Biblical Creationists who think the Bible is literally true and 100% correct believe that Earth is about 6,000 years old.
Most astronomers, geologists and biologists think the Earth is about 4.54 billion years old.
Who is right?
C. Stuart Hardwick** answers:
“Not the Biblical Creationists!
“The scientists report that the Earth is 4.54 billion years old, because all the actual evidence says the Earth is 4.54 billion years old.”
(For sources, see Wikipedia’s article, Age of the Earth.)
- “From the 1770s to the 1890s, Earth’s age could only be guessed at (scientifically speaking) based on a crude understanding of natural processes such as geologic change, planetary cooling, and ocean salinity balance, so estimates ranged wildly from a few million to a few billion years.
- “In 1905, physicist Ernest Rutherford suggested that the age of the Earth could be estimated by measuring the amount of lead in uranium minerals. His estimate was around 500 million years but was only a swag intended to prod geologists into the atomic age.
- “1920s: The geologist Arthur Holmes used the radioactive decay of lead and uranium to estimate that the Earth was around 4.6 billion years old. This estimate is still accepted today, although the margin of error has been refined over time.
- “1990s: The development of new radiometric dating techniques, such as uranium-lead dating and samarium-neodymium dating, allowed scientists to estimate the age of the Earth with greater precision. These methods have estimated the age of the Earth to be around 4.543 billion years old, with a margin of error of around 1%.”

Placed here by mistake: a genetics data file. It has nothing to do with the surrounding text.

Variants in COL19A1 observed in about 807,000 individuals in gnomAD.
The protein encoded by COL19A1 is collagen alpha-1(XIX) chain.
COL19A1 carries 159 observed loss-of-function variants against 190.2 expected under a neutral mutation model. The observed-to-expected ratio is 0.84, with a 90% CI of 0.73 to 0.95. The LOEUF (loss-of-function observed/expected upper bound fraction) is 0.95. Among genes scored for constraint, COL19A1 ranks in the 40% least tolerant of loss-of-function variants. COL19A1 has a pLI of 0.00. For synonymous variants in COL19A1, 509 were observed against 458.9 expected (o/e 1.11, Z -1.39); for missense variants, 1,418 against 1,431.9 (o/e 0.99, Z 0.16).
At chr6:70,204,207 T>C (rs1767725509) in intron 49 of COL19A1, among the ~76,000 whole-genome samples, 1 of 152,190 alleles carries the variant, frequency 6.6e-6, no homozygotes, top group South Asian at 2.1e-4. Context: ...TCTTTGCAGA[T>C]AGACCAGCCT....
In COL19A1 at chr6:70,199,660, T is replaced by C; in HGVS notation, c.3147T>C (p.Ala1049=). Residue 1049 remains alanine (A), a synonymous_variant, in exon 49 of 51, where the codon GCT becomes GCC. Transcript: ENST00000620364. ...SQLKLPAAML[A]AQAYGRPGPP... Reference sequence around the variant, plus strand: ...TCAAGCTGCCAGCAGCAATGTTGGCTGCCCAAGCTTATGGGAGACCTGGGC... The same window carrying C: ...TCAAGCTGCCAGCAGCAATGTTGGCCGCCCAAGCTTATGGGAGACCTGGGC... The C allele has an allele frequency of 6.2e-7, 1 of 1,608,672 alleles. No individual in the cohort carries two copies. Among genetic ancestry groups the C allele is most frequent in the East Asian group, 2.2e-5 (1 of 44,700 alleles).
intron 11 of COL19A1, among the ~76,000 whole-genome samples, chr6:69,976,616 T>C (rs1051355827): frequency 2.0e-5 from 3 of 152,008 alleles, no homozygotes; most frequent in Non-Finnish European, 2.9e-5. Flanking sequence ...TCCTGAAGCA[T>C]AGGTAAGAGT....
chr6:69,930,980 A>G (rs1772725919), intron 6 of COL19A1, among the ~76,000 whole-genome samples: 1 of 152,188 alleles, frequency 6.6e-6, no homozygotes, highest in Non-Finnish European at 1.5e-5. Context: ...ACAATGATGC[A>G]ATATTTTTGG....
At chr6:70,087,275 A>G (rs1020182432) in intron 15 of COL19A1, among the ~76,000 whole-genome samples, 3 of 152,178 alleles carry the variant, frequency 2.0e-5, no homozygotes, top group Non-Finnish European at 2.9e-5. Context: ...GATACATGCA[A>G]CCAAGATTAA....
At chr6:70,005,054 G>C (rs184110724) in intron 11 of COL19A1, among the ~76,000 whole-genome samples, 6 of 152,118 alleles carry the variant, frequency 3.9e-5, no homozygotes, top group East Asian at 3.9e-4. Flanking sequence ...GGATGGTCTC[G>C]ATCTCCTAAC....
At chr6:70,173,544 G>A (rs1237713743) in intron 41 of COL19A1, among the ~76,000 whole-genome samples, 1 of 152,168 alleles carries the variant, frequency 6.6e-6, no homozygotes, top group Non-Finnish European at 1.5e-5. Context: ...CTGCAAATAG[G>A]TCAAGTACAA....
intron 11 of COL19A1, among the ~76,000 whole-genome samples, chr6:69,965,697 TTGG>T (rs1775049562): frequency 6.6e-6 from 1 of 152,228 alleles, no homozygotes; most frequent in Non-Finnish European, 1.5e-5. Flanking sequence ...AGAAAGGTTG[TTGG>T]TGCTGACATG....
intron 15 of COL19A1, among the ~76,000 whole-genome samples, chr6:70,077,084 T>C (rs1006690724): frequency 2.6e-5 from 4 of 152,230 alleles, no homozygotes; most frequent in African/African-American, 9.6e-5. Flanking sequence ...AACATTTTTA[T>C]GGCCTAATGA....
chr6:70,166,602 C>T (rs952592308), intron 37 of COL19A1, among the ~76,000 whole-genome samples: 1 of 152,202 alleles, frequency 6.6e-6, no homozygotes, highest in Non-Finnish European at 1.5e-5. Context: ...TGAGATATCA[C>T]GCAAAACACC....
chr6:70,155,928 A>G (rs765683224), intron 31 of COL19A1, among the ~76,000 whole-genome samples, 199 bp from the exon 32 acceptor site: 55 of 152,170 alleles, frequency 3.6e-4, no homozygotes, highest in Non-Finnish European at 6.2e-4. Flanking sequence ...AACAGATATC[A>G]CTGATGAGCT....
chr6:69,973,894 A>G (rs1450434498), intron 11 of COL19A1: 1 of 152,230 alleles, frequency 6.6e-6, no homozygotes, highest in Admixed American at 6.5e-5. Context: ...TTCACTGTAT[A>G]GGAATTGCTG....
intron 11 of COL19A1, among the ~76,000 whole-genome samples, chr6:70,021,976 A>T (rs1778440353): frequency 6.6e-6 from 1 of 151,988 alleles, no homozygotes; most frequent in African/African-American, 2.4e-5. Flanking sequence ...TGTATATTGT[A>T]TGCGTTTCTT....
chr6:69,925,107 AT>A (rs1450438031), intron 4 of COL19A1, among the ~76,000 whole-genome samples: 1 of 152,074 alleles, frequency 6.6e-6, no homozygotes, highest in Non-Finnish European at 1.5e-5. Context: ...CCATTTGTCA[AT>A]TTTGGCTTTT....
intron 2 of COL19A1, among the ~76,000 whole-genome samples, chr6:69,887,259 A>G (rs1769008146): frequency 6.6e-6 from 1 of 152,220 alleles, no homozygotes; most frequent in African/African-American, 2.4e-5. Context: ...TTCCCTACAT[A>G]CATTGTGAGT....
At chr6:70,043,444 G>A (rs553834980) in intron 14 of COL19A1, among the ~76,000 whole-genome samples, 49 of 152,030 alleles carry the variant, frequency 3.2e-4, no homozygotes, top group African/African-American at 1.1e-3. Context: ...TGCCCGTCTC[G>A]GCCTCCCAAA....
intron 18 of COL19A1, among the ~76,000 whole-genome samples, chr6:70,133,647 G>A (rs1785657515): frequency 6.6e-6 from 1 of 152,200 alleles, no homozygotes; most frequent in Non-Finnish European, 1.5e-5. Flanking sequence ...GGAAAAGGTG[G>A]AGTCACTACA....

“Those who attempt to prove an absurdly recent age for the oceans by estimating salt and mineral (e.g., nickel) concentrations are deliberately ignoring the fact that we know from direct measurements that these salts and minerals are removed from seawater over geologic times by numerous processes, including sedimentation and subduction for a start.”
“In other words, scientists insist the Earth is 4.54 billion years old because it is.”
[** C. Stuart Hardwick is a regular in Analog Science Fiction & Fact magazine, a winner of the prestigious Writers of the Future contest, and a six-time Jim Baen Memorial award honoree.
In addition to science fiction, he writes about science for numerous publications, and his work has been translated into a dozen languages.]
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